Based on results from an ongoing phase 1/2 trial, the FDA has granted fast track designation to HM432939 for patients with FLT3-mutant relapsed/refractory acute myeloid leukemia.
The FDA has granted fast track designation to HM43239 for the treatment of patients with relapsed/refractory acute myeloid leukemia (AML) with a FLT3 mutation, according to a press release from Aptose Biosciences.1
This is based upon results from an ongoing phase 1/2 trial (NCT03850574) in which the drug induced complete remissions (CRs) and was well tolerated. Previously in 2018, HM43239 received orphan drug designation for relapsed/refractory AML.
“Fast Track status acknowledges HM43239’s potential to fill an unmet need for [patients with] AML and supports our efforts as we advance it towards a potential registration study,” William G. Rice, PhD, chairman, president, and chief executive officer at Aptose Biosciences, said in the press release. “HM43239, which potently inhibits all tested forms of FLT3 and the SYK and JAK driven pathways already has delivered [CRs] in a broad diversity of relapsed or refractory AML patients in an ongoing Phase 1/2 clinical trial, including patients with prior failure of other FLT3 inhibitor agents. Fast Track designation will help facilitate the drug’s development.”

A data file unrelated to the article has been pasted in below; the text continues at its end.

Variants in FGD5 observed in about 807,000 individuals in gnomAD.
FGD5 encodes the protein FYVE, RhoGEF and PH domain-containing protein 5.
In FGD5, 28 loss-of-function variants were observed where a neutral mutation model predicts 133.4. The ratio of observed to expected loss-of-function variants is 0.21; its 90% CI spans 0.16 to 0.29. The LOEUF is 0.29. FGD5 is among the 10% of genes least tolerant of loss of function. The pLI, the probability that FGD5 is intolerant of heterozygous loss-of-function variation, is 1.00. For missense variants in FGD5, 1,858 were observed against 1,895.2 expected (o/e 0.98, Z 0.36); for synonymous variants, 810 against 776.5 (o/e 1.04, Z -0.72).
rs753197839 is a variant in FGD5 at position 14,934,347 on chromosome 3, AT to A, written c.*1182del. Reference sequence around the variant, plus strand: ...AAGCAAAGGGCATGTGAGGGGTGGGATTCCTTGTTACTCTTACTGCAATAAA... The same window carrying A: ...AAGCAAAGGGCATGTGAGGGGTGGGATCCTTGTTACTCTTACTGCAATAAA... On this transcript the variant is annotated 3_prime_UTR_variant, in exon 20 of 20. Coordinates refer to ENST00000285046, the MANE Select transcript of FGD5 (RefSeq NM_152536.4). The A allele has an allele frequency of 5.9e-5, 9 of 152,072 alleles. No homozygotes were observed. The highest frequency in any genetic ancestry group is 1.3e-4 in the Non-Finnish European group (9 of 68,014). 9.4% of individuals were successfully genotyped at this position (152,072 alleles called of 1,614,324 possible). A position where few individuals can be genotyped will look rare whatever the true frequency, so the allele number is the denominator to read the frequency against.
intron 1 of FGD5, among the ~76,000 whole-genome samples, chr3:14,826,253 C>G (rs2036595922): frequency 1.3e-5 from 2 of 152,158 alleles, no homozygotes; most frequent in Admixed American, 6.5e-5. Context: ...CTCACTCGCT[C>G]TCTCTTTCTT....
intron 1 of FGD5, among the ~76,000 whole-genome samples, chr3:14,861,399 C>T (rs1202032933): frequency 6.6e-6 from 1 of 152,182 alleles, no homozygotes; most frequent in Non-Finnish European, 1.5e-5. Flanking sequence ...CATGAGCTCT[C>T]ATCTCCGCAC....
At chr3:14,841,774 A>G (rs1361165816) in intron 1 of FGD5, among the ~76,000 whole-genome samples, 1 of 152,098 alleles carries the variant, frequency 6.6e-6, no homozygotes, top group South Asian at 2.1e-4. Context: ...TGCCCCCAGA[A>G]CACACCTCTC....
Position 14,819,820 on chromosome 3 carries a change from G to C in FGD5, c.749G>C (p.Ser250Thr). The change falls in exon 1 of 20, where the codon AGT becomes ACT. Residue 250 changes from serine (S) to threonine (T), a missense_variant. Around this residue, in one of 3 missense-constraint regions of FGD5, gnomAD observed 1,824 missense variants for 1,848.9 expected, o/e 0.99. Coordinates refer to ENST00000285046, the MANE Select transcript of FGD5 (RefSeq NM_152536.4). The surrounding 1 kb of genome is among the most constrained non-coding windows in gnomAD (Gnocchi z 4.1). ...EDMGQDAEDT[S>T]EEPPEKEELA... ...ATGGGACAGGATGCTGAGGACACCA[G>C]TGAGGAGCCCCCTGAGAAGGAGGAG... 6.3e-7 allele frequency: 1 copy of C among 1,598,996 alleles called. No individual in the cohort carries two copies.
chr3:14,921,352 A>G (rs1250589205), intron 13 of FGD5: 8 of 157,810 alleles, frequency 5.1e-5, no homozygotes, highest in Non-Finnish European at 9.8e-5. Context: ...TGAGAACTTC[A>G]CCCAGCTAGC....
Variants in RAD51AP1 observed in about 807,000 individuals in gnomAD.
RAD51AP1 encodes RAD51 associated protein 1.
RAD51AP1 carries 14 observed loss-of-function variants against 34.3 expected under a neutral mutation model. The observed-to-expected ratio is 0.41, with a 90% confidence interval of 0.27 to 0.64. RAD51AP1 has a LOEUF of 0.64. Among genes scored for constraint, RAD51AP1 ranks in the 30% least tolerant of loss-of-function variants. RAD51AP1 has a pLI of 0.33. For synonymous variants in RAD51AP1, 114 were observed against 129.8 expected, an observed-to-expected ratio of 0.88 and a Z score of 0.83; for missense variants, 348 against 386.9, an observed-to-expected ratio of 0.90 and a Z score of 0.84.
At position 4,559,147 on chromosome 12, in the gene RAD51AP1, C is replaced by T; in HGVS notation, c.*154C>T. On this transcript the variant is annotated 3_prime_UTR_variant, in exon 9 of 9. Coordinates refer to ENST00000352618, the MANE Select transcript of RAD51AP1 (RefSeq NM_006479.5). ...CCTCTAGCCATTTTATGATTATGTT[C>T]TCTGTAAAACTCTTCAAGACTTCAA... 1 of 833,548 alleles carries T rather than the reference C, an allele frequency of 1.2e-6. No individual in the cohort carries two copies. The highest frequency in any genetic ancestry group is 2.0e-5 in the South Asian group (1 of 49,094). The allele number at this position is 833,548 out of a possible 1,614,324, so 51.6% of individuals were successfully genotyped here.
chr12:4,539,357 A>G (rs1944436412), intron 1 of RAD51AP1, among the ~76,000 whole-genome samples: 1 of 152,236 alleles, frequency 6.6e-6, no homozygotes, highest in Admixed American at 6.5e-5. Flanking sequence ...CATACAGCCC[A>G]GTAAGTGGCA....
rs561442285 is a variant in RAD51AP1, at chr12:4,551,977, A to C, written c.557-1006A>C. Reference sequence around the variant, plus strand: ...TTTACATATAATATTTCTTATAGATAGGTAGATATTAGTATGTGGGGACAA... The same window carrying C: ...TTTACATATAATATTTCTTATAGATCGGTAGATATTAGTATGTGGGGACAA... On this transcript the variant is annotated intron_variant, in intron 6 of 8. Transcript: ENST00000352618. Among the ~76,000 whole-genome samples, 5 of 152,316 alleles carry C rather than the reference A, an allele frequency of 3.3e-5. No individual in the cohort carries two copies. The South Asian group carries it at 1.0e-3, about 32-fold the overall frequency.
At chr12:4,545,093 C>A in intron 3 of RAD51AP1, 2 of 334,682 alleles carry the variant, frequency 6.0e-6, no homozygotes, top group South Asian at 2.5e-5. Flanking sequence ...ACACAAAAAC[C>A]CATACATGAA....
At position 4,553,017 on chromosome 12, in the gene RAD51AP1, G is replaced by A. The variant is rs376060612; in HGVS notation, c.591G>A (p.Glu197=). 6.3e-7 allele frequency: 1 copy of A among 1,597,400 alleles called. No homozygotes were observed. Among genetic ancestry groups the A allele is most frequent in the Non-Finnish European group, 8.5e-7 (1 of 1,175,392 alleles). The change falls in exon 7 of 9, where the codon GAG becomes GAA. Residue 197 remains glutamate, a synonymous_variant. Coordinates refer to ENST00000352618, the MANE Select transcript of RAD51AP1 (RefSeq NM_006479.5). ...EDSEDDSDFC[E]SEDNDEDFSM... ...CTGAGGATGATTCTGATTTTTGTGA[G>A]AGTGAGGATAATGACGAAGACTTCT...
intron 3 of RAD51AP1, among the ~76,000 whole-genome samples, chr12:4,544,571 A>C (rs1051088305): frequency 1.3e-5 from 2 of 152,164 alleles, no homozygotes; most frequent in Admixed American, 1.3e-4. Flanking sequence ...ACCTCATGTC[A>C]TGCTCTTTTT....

The study’s estimated enrollment was 120 patients, who received daily continuous dosing with HM43239 following enrollment. The primary end points included number of patients with a dose-limiting toxicity, area under the concentration-time curve, and maximum serum concentration. Secondary end points included best response rate via modified International Working Group criteria, duration of response, overall survival, event-free survival, and cumulative incidence or relapse.
Patients were eligible for treatment if they were 18 years or older; refractory to at least 1 cycle of prior therapy or relapsed after achieving remission with prior therapy; had an ECOG performance status of 2 or less; and had a minimum life expectancy of 3 months or more.
At the 2021 American Society of Hematology Annual Meeting & Exposition, findings from the study indicated that 13 patients were being treated in the dose-escalation cohort at a dose of 20 mg to 160 mg of treatment, and 15 patients in the dose-expansion cohort received 80 mg of treatment.2
In terms of best responses based on the International Working Group criteria, 4 patients had a CR, and 1 patient had a CR with incomplete count recovery. All 5 patients who achieved a composite CR (CRc) were treated at the 80 mg dose. The CRc rate at the 80 mg dose was 26.3%. Of the 8 patients whohad a FLT3 mutation and were treated at the 80 mg dose, 3 patients achieved CRc. Among patients who were FLT3 wild-type (n = 11), CRc were achieved in 2. Moreover, of the remaining 4 patients with CRc, 3 went on to receive a hematopoietic stem cell transplant and were alive and in remission at the time of the presentation.
Treatment-emergent adverse effects were observed with diarrhea (14%), nausea (7%), vomiting (7%), and alanine aminotransferase increase (7%), with no patients having events that were higher than grade 3.